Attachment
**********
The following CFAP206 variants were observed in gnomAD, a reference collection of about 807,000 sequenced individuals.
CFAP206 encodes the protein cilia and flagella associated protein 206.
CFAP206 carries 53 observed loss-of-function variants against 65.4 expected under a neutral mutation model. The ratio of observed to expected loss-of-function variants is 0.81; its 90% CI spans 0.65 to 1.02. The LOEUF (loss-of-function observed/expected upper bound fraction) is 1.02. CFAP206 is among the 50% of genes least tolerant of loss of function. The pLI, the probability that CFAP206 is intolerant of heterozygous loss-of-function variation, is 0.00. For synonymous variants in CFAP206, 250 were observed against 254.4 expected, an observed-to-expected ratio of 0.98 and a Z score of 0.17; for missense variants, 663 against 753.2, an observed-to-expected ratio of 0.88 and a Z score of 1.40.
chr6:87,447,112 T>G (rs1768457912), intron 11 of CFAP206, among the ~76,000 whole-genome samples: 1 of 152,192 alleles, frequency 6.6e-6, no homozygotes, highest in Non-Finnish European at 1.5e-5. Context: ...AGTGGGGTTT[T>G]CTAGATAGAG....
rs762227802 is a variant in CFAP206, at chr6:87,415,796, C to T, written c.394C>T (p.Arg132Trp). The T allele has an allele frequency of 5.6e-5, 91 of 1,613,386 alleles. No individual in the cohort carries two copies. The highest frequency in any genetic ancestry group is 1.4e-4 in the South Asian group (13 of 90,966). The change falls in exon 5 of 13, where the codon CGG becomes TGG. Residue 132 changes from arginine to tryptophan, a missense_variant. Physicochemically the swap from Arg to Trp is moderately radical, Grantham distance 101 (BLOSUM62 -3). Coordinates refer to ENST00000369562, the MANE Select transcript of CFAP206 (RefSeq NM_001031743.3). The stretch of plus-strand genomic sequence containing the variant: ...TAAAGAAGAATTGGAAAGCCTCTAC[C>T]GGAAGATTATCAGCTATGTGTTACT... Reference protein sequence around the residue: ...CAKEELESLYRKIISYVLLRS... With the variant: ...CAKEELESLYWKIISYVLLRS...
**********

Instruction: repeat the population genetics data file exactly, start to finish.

The following CFAP206 variants were observed in gnomAD, a reference collection of about 807,000 sequenced individuals.
CFAP206 encodes the protein cilia and flagella associated protein 206.
CFAP206 carries 53 observed loss-of-function variants against 65.4 expected under a neutral mutation model. The ratio of observed to expected loss-of-function variants is 0.81; its 90% CI spans 0.65 to 1.02. The LOEUF (loss-of-function observed/expected upper bound fraction) is 1.02. CFAP206 is among the 50% of genes least tolerant of loss of function. The pLI, the probability that CFAP206 is intolerant of heterozygous loss-of-function variation, is 0.00. For synonymous variants in CFAP206, 250 were observed against 254.4 expected, an observed-to-expected ratio of 0.98 and a Z score of 0.17; for missense variants, 663 against 753.2, an observed-to-expected ratio of 0.88 and a Z score of 1.40.
chr6:87,447,112 T>G (rs1768457912), intron 11 of CFAP206, among the ~76,000 whole-genome samples: 1 of 152,192 alleles, frequency 6.6e-6, no homozygotes, highest in Non-Finnish European at 1.5e-5. Context: ...AGTGGGGTTT[T>G]CTAGATAGAG....
rs762227802 is a variant in CFAP206, at chr6:87,415,796, C to T, written c.394C>T (p.Arg132Trp). The T allele has an allele frequency of 5.6e-5, 91 of 1,613,386 alleles. No individual in the cohort carries two copies. The highest frequency in any genetic ancestry group is 1.4e-4 in the South Asian group (13 of 90,966). The change falls in exon 5 of 13, where the codon CGG becomes TGG. Residue 132 changes from arginine to tryptophan, a missense_variant. Physicochemically the swap from Arg to Trp is moderately radical, Grantham distance 101 (BLOSUM62 -3). Coordinates refer to ENST00000369562, the MANE Select transcript of CFAP206 (RefSeq NM_001031743.3). The stretch of plus-strand genomic sequence containing the variant: ...TAAAGAAGAATTGGAAAGCCTCTAC[C>T]GGAAGATTATCAGCTATGTGTTACT... Reference protein sequence around the residue: ...CAKEELESLYRKIISYVLLRS... With the variant: ...CAKEELESLYWKIISYVLLRS...